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Flying to America

45 More Stories

Edited and with a Preface by Kim Herzinger

List Price: $17.95

March 13, 2018 | Paperback | 5.5 x 8.25, 352 Pages | ISBN 9781619029996
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“Barthleme may have been radical in his time, but he’s perfectly suited to our own.” —Houston Chronicle

One of the most influential and inventive writers of the twentieth century, Donald Barthelme wrote novels, short stories, parodies, plays, satires, fables, and essays that captured the good, the bad, but most of all the strange of America. With Barthelme, strange may come both in the tale and in the form, but however it appears, Barthelme has tooled the absurd so that is rings true. As observed by Thomas Pynchon (who coined the term Barthelmismo), Barthelme’s work conveys something of “the clarity and sweep, the intensity of emotion, the transcendent weirdness of the primary experience.”

Flying to America, first published in 2007, presents all of Barthelme’s previously unpublished and uncollected short fiction. For both devotees and those new to Barthelme’s playful irreverence, erudition, and unmatched imagination, this unprecedented survey offers up a rare and wonderful treat.

DONALD BARTHELME was a writer and critic, a National Book Award recipient, a director of PEN and the Authors Guild, a member of the American Academy and the Institute of Arts and Letters, and a founder of the renowned University of Houston Creative Writing Program. He was the author of more than fifteen published books, including City Life, one of Time’s Best Books of the Year, and Sixty Stories, which was nominated for the National Book Critics Circle Award, the PEN/Faulkner Award, and the Los Angeles Times Book Prize. Even after his death in 1989, Barthelme’s contributions to the world of American letters remain unparalleled.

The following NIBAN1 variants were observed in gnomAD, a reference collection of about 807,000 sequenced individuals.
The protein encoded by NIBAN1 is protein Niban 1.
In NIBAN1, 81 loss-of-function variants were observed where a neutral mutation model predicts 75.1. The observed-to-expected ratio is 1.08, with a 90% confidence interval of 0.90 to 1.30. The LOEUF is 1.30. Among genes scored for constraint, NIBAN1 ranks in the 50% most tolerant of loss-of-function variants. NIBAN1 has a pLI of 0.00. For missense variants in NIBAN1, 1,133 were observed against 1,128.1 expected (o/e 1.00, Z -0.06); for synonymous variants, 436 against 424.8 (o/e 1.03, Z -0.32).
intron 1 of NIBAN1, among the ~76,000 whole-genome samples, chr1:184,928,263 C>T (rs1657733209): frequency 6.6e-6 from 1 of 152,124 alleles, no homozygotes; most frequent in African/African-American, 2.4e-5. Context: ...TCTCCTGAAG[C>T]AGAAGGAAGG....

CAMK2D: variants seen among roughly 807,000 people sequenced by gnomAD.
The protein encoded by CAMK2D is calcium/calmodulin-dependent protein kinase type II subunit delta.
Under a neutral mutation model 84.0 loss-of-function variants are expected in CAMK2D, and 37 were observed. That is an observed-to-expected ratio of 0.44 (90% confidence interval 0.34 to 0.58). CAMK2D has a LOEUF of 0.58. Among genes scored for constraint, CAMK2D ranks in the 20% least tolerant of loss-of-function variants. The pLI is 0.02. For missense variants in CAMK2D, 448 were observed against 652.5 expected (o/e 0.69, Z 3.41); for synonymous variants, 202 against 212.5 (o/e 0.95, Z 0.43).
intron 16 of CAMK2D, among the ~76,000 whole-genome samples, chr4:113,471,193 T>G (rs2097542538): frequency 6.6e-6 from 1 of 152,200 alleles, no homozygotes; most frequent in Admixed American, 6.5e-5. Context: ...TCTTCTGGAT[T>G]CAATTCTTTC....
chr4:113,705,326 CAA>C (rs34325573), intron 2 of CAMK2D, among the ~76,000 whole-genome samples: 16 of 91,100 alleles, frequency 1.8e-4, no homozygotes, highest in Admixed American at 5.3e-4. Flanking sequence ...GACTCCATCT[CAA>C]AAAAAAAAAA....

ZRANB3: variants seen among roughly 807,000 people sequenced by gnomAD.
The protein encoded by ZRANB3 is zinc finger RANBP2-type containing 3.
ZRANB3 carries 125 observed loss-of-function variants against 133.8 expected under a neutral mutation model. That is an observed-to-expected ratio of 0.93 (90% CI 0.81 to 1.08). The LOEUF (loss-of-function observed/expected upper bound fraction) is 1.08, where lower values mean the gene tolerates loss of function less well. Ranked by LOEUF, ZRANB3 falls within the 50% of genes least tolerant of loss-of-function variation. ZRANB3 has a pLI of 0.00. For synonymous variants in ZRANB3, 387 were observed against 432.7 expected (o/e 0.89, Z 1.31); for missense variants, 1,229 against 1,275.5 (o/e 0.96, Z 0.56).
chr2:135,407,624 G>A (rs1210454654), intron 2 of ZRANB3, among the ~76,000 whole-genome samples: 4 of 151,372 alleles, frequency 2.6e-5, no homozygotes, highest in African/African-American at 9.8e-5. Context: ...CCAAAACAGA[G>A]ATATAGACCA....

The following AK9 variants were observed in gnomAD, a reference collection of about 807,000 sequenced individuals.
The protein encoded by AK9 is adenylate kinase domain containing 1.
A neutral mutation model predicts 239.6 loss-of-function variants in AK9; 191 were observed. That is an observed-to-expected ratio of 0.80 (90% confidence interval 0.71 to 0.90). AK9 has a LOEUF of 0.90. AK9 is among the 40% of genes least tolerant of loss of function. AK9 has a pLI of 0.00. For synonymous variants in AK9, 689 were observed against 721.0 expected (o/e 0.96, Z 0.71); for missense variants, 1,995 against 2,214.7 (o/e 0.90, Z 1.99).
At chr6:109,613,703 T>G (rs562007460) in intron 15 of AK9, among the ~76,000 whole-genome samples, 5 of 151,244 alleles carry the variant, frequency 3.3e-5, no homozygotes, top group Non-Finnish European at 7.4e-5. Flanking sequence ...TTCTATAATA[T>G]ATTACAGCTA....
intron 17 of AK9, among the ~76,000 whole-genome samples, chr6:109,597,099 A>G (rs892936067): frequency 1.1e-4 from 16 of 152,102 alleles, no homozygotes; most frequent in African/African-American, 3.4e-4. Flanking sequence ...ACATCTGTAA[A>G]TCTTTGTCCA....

KIM HERZINGER is a critic and fiction writer, winner of a Pushcart Prize, and writer on minimalism and other contemporary literary phenomena. He edited most recently Flying to America: 45 More Stories. He teaches at the University of Southern Mississippi.


“It is possible… to trace [in Flying to America] the author’s development from an early postmodern baroque… to the fragmentary, almost minimalist style of his late-’60s and early-’70s prime.” —Los Angeles Times

Flying to America’s Barthelmanian treasures: three previously unpublished stories, one of which he was working on at his death; his first published story (1959); the winning entry of a contest in which the author asked readers to finish a story of which he’d written the first three paragraphs; and a bunch of masterful work from The New Yorker . . . some of these stories—‘Flying to America,’ ‘Three,’ ‘Tickets’—were among his very best.” —New York Magazine

“Donald Barthelme… creates a crowd of characters whose struggle ‘ill-advised’ optimism and struggle for meaning mirror his own life’s effort.” —Chicago Tribune

“Barthelme’s legacy resides as much in his sensibility as in the stories themselves. His style melded the personal and the political with reams of detailed book learning. It’s likely a combination of those elements—the confessional, polemical and esoteric (I quiver to think what Barthelme would have done with the Internet)—that people are responding to in his work today. He may have been radical in his time, but he’s perfectly suited to our own.” —Houston Chronicle

“Barthelme’s collection arrives like a wondrous jewel unearthed.” —Literary Journal

“Most of these stories have the signature style that made Barthelme as pervasive through the ’60s as Peter Max—the dialogue that never quite connects, as if two people are talking past each other, the non sequiturs that suggest that literary cause-and-effect is merely artifice, an exercise in absurdity . . . There is the first story that he ever published, using a pseudonym (‘Pages from the Annual Report’), and the last that he published in the New Yorker (‘Tickets’) just months before his 1989 death.” —Kirkus Reviews

“Along with Kurt Vonnegut, Barthelme (1931–1989) was one of the great 20th-century American absurdists . . . Barthelme’s funhouse mirrors reflect the world’s tragicomic essence.” —Publishers Weekly

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